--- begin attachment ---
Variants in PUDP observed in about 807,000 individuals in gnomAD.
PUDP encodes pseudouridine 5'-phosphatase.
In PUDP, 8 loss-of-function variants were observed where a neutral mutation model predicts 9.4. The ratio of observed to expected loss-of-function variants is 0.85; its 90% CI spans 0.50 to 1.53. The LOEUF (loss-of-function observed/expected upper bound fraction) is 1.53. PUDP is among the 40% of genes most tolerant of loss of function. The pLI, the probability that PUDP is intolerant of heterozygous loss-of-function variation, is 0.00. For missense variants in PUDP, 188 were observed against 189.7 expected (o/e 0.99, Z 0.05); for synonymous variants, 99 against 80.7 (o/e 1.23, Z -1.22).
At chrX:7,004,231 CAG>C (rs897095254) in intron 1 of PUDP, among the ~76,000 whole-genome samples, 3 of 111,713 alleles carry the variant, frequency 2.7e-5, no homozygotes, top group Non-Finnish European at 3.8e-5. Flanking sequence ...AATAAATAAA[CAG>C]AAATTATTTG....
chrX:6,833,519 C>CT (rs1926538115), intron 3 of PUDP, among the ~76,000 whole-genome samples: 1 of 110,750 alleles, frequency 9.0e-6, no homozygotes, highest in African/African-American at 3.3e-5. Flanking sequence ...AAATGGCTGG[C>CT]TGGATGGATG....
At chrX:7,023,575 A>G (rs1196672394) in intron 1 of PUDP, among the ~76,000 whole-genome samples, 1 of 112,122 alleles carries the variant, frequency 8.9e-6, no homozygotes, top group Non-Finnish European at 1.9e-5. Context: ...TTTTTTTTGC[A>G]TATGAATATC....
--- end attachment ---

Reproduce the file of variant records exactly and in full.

Variants in PUDP observed in about 807,000 individuals in gnomAD.
PUDP encodes pseudouridine 5'-phosphatase.
In PUDP, 8 loss-of-function variants were observed where a neutral mutation model predicts 9.4. The ratio of observed to expected loss-of-function variants is 0.85; its 90% CI spans 0.50 to 1.53. The LOEUF (loss-of-function observed/expected upper bound fraction) is 1.53. PUDP is among the 40% of genes most tolerant of loss of function. The pLI, the probability that PUDP is intolerant of heterozygous loss-of-function variation, is 0.00. For missense variants in PUDP, 188 were observed against 189.7 expected (o/e 0.99, Z 0.05); for synonymous variants, 99 against 80.7 (o/e 1.23, Z -1.22).
At chrX:7,004,231 CAG>C (rs897095254) in intron 1 of PUDP, among the ~76,000 whole-genome samples, 3 of 111,713 alleles carry the variant, frequency 2.7e-5, no homozygotes, top group Non-Finnish European at 3.8e-5. Flanking sequence ...AATAAATAAA[CAG>C]AAATTATTTG....
chrX:6,833,519 C>CT (rs1926538115), intron 3 of PUDP, among the ~76,000 whole-genome samples: 1 of 110,750 alleles, frequency 9.0e-6, no homozygotes, highest in African/African-American at 3.3e-5. Flanking sequence ...AAATGGCTGG[C>CT]TGGATGGATG....
At chrX:7,023,575 A>G (rs1196672394) in intron 1 of PUDP, among the ~76,000 whole-genome samples, 1 of 112,122 alleles carries the variant, frequency 8.9e-6, no homozygotes, top group Non-Finnish European at 1.9e-5. Context: ...TTTTTTTTGC[A>G]TATGAATATC....